RHDV2 is not related to coronavirus; it is a calicivirus that does not affect humans or domestic animals other than rabbits. At this time, no other California rabbit populations are known to be infected, but the disease has spread quickly in other states, prompting CDFW biologists to prepare for more reports in the coming months. A “quick facts” reference guide can be found on CDFW’s website.

Since March 2020, RHDV2 has caused mortalities of both wild and domestic rabbits in New Mexico, Colorado, Arizona, Texas and Mexico. Deaths of both wild rabbits and jackrabbits have occurred. Infected rabbits and jackrabbits may exhibit no symptoms leading up to their sudden death, or may suffer from fever, swelling, internal bleeding and liver necrosis. The range of susceptible species in North America is currently unknown, but all rabbit, jackrabbit, hare and pika species are likely susceptible.

CDFW Senior Wildlife Veterinarian Deana Clifford noted the introduction of RHDV2 to California could significantly impact wild rabbit populations, particularly those already at risk, such as the endangered riparian brush rabbit (Sylvilagus bachmani riparius) and those with limited distribution in the state, such as the pygmy rabbit (Brachylagus idahoensis).

“Unfortunately, we may also see impacts to species that depend on rabbits for food, as rabbits are a common prey species for many predators,” noted Dr. Clifford.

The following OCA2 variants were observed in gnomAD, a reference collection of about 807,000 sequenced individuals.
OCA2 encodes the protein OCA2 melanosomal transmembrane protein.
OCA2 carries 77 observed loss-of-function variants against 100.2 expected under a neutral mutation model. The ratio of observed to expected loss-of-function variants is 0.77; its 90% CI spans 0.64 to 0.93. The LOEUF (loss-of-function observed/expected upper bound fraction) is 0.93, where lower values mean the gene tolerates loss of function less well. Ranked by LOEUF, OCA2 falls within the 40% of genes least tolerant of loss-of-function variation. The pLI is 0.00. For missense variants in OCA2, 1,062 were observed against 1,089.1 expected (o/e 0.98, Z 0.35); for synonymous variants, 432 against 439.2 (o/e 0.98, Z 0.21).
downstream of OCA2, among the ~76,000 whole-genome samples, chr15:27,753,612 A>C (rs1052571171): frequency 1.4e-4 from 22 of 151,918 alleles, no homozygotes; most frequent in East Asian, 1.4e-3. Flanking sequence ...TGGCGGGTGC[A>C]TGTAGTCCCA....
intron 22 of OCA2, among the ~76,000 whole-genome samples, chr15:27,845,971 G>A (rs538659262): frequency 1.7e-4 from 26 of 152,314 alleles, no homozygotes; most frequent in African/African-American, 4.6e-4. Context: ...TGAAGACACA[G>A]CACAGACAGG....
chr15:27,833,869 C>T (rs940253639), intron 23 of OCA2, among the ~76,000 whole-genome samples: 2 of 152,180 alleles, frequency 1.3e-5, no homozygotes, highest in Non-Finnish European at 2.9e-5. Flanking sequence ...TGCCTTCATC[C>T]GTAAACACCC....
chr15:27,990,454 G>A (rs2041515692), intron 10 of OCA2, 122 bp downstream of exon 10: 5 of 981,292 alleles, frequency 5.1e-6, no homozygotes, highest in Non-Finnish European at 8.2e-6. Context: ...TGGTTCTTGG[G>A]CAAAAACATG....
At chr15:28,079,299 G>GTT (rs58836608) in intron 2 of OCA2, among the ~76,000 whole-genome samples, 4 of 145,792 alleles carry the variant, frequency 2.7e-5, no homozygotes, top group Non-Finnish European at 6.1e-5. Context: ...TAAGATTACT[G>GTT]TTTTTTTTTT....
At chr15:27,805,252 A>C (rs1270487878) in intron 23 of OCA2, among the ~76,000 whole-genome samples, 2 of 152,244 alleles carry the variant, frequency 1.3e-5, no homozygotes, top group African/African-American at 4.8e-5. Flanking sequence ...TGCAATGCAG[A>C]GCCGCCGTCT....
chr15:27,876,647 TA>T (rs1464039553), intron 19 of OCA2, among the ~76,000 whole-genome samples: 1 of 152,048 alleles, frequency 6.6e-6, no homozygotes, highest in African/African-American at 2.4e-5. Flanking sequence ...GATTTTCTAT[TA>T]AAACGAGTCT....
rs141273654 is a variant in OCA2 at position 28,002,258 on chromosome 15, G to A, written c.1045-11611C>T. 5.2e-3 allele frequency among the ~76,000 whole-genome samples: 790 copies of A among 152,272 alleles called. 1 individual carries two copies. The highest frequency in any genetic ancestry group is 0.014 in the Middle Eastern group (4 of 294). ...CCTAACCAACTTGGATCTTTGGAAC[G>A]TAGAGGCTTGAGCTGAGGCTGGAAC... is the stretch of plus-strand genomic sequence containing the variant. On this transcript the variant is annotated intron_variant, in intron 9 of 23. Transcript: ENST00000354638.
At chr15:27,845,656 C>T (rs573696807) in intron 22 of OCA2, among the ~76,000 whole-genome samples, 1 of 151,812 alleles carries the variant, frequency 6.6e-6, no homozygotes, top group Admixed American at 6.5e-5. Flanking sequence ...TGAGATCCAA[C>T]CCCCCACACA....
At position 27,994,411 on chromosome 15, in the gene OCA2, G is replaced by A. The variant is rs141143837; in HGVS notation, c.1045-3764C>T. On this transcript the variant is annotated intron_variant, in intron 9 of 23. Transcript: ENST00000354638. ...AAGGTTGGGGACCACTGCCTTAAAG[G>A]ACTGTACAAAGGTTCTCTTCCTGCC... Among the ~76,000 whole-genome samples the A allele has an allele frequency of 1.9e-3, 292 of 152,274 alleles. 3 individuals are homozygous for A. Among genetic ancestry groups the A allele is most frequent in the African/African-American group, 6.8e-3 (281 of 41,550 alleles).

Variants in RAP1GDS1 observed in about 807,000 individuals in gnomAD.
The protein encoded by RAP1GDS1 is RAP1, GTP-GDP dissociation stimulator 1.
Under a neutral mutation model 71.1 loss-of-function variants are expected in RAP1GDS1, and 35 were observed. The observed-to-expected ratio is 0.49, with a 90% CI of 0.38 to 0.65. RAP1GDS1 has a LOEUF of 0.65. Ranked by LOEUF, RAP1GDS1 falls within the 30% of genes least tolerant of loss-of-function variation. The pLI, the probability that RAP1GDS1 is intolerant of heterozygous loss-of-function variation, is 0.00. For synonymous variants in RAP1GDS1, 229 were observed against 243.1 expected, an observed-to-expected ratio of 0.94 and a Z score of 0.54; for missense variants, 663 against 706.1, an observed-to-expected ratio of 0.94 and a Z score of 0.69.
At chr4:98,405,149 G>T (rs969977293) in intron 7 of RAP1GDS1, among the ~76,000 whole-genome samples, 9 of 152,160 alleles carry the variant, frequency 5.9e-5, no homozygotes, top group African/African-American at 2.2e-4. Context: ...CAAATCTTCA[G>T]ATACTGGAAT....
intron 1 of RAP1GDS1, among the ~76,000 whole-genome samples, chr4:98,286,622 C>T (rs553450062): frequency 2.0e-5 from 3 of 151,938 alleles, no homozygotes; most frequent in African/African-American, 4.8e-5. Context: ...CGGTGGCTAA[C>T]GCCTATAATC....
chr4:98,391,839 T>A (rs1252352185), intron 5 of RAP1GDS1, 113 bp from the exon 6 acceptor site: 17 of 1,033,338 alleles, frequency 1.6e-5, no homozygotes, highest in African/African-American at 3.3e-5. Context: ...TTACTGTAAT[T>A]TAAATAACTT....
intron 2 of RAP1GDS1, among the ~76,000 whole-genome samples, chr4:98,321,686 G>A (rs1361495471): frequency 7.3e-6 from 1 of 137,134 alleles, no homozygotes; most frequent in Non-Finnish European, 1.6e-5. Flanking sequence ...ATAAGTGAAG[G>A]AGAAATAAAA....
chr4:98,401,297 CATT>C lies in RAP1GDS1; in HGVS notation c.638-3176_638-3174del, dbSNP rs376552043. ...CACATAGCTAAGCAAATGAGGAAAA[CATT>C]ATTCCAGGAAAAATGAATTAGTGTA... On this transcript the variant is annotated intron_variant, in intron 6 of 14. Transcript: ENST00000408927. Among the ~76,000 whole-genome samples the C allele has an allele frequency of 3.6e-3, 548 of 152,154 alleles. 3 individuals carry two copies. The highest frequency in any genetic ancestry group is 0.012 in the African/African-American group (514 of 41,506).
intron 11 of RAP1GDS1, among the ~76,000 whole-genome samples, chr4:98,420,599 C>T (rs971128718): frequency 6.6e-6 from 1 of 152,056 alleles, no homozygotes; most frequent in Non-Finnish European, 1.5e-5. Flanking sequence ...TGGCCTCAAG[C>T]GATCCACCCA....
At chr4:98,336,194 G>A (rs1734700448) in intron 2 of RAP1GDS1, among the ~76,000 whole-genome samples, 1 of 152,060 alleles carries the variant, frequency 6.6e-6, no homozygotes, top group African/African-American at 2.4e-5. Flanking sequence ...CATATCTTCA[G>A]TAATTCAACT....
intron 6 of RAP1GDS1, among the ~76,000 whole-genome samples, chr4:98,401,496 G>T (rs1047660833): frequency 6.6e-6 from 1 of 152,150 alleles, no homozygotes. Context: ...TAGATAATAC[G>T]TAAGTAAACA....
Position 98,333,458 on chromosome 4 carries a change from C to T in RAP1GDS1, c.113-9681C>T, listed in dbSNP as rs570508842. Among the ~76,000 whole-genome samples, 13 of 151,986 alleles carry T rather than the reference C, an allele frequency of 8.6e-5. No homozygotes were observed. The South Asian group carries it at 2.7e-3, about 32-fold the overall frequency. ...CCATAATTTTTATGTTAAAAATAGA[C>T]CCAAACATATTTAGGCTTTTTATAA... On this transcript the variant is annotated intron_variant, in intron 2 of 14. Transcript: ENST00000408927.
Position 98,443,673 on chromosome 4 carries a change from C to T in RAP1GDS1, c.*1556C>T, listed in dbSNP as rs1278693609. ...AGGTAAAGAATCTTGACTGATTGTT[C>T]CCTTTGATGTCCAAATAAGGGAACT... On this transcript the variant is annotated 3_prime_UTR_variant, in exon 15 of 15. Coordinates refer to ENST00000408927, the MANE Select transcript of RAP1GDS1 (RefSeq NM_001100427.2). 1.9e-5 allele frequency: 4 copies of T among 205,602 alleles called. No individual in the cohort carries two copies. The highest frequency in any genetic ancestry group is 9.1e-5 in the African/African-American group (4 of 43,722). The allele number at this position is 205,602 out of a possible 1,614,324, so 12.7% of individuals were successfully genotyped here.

CDFW will carefully monitor the progression of RHDV2 in California, including investigating and testing rabbits found dead, monitoring populations of endangered rabbits and working with partners, including the U.S. Fish and Wildlife Service, the California Department of Food and Agriculture (CDFA) and the U.S. Department of Agriculture.

Public reports are an extremely helpful tool as wildlife veterinarians monitor the situation. CDFW is asking anyone who lives, works or recreates in wild rabbit habitat to report any sightings of sick or dead rabbits to CDFW’s Wildlife Investigations Laboratory. To report sightings of sick or dead wild rabbits, hares or pikas contact the CDFW Wildlife Investigations Lab at (916) 358-2790 or file an online mortality report through CDFW’s website.

Outdoor recreationists should take precaution when hiking, camping or backpacking and not handle or disturb carcasses to minimize the potential spread of RHDV2. Additionally, hunters should take precautions to prevent spreading the virus, such as wearing gloves when field dressing rabbits, washing hands and burying remains onsite so that scavengers cannot spread the virus. The virus is hardy and can remain viable on meat, fur, clothing and equipment for a very long time, making it easily transmissible to other areas.

In California, hunting season for brush rabbits and cottontails opens July 1 and runs through the last Sunday in January. The season is open statewide, except for a closed area in the Central Valley near the riparian brush rabbit range. Hunting season for jackrabbits is year-round and statewide.

A vaccine for RHDV2 is not currently available in the U.S., thus domestic rabbit owners should practice good biosecurity measures to protect their animals from this disease, such as washing hands before and after working with rabbits, not sharing equipment with other owners and keeping their rabbits isolated from wild or feral rabbits.

Domestic rabbit owners who have a sick rabbit should contact their veterinarian. If domestic rabbits are found dead, please contact the local CDFA Animal Health Branch or call (916) 900-5002.